Study Anthropology: A Comprehensive Subject Guide

Embark on a journey into the fascinating realm of anthropology, where the rich tapestry of human existence is meticulously woven together. Anthropology is far more than just the study of distant cultures and ancient civilisations; it’s a vibrant and ever-evolving discipline that peers into the depths of what it means to be human. Join us as we delve into this subject. 

Study Anthropology: A Comprehensive Subject Guide

Table of Contents

What is Anthropology?

Anthropology is the scientific exploration of humanity, offering a lens through which we examine the diverse tapestry of human cultures, behaviors, and societies. It seeks to unravel the intricacies of our past, present, and future, exploring questions about who we are, where we came from, and how we interact with the world around us. In essence, anthropology is a journey into the heart of human existence, uncovering the stories, traditions, and complexities that define us as a species.

Why Study Anthropology?

Studying anthropology offers a multitude of compelling reasons, each of which can have a profound impact on your personal and intellectual growth. Here are several key reasons why studying anthropology is valuable:

  1. Cultural Awareness: Anthropology provides a deep understanding of diverse cultures, promoting tolerance, empathy, and a global perspective. This knowledge is increasingly important in our interconnected world.
  2. Human Behaviour and Society: Anthropology explores the intricacies of human behaviour, social structures, and interactions. It sheds light on how societies function and adapt to change.
  3. Historical Context: Anthropology helps us understand our past, from early human ancestors to the development of modern civilisations. It offers insights into how societies have evolved over time.
  4. Global Challenges: Anthropologists tackle contemporary global issues such as climate change, migration, poverty, and healthcare disparities. Their research can inform solutions to these challenges.
  5. Cultural Sensitivity: Whether you’re in business, healthcare, or any field involving human interaction, cultural sensitivity is crucial. Anthropology equips you with the skills to navigate diverse environments effectively.
  6. Critical Thinking: Anthropologists employ rigorous research methods, critical analysis, and problem-solving skills. These are transferable skills applicable to various career paths.
  7. Career Opportunities: Anthropology opens doors to a wide range of professions, including academia, public policy, international development, human resources, and cultural preservation.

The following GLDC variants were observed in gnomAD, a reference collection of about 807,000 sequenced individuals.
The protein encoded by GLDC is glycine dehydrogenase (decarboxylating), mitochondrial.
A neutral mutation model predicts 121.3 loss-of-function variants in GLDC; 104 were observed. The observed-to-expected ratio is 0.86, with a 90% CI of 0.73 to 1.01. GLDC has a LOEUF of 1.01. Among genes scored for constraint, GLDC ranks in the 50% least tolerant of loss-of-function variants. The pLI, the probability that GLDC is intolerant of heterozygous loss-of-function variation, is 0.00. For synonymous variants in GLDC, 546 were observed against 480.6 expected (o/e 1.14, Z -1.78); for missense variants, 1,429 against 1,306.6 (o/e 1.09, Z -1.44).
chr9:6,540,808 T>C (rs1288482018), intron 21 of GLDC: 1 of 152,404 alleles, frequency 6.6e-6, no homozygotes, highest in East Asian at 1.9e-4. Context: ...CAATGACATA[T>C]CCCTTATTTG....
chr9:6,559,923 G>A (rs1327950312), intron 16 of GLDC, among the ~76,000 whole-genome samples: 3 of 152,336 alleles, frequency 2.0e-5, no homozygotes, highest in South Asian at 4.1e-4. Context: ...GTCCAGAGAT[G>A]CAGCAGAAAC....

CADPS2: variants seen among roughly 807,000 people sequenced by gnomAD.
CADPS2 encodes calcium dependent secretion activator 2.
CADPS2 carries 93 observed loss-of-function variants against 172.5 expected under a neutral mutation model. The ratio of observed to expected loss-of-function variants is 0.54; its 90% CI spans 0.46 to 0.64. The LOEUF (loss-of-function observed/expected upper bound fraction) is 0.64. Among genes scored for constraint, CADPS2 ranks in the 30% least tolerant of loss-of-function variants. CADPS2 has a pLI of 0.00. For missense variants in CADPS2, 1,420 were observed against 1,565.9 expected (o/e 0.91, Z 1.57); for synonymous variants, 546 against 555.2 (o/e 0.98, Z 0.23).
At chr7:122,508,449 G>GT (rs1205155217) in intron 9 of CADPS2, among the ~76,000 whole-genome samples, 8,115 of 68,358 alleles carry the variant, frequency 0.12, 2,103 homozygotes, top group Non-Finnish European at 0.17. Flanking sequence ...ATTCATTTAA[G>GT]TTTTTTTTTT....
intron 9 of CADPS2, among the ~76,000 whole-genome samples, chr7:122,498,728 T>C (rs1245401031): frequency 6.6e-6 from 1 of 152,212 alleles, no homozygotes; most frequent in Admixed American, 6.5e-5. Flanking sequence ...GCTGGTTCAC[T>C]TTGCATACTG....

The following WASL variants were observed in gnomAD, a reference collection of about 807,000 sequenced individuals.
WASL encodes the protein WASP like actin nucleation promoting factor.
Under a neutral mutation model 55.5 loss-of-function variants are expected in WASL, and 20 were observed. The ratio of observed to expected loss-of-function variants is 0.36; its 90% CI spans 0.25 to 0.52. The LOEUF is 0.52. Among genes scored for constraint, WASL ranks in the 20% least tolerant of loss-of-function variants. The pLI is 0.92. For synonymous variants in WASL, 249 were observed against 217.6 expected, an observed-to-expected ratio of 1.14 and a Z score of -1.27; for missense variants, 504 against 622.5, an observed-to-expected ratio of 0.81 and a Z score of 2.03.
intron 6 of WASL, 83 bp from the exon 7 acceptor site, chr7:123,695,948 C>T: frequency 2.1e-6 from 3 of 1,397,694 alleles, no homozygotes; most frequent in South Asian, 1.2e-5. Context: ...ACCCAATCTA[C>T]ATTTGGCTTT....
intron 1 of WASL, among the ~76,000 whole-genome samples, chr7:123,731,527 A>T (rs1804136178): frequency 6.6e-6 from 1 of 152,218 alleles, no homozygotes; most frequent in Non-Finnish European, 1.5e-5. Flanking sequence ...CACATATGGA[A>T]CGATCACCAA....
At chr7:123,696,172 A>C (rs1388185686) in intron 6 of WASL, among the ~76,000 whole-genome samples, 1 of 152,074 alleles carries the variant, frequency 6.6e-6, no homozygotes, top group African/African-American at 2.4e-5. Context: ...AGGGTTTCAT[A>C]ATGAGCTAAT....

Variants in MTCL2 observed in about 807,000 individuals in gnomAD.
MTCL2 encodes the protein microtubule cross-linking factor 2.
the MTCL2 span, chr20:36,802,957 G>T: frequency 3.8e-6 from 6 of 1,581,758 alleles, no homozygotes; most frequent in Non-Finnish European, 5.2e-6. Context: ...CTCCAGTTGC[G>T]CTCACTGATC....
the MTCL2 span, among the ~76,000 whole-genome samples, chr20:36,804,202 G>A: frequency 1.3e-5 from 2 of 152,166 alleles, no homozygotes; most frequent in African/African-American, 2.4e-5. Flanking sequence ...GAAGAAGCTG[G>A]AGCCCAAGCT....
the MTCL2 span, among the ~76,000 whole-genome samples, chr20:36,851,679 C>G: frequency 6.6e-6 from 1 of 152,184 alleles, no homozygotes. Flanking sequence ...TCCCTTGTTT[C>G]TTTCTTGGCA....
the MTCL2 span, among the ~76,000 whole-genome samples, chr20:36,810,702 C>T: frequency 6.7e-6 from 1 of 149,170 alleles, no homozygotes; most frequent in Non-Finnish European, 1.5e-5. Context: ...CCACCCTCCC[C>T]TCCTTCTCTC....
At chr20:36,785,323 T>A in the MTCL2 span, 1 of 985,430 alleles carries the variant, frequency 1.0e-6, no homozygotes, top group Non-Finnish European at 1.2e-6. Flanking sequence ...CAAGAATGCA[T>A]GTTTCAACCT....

Best Universities for Anthropology in the UK

Here is a list of the top UK universities in this field according to the latest QS World University Rankings:

RankInstitutionEntry StandardsStudent SatisfactionResearch QualityContinuationGraduate prospects outcomesGraduate prospects on trackOverall Score
1University of Oxford1873.833.251009292100
2University of Cambridge1943.0299.3907699
3London School of Economics and Political Science, University of London1764.063.6194.8769097.1
4King's College London, University of London1863.883.497.6827296.1
5University of St Andrews1964.043.2798.994
6UCL (University College London)1764.063.1994.7907893.1
7University of Manchester1584.123.4398.4706890.7
8Durham University1723.793.2996.7748690.7
9University of Bristol1473.883.3999.2788090.1
10University of Aberdeen1714.143.09100907889.7
11SOAS University of London1403.913.4293968489.1
12University of Reading12543.3197.99086.2
13The University of Edinburgh1833.633.2397.9726486
14University of Birmingham1473.693.5693.2706883.8
15University of Sussex1373.963.3396.3647282
16University of Plymouth1243.863.1810080.1
17University of Exeter1543.943.1697.7545079.3
18University of Southampton1373.843.35606278.2
19University of Kent1193.813.2489.4647071.4
20Queen's University Belfast1453.722.9594.7484468.7
21Goldsmiths, University of London1273.223.2487.6605865.2
22Bournemouth University1073.773.2487.7566264.3
23Brunel University London4.233.0578.8565663.4
24University of Winchester3.612.2100606263.3
25Oxford Brookes University1053.762.9197.1525861.7
26Liverpool John Moores University1304.122.7990.3463459.8

Entry Requirements for an Anthropology Degree

Entry requirements for an anthropology degree in the United Kingdom can vary depending on the university and the specific programme you are applying to. Here are the typical entry requirements: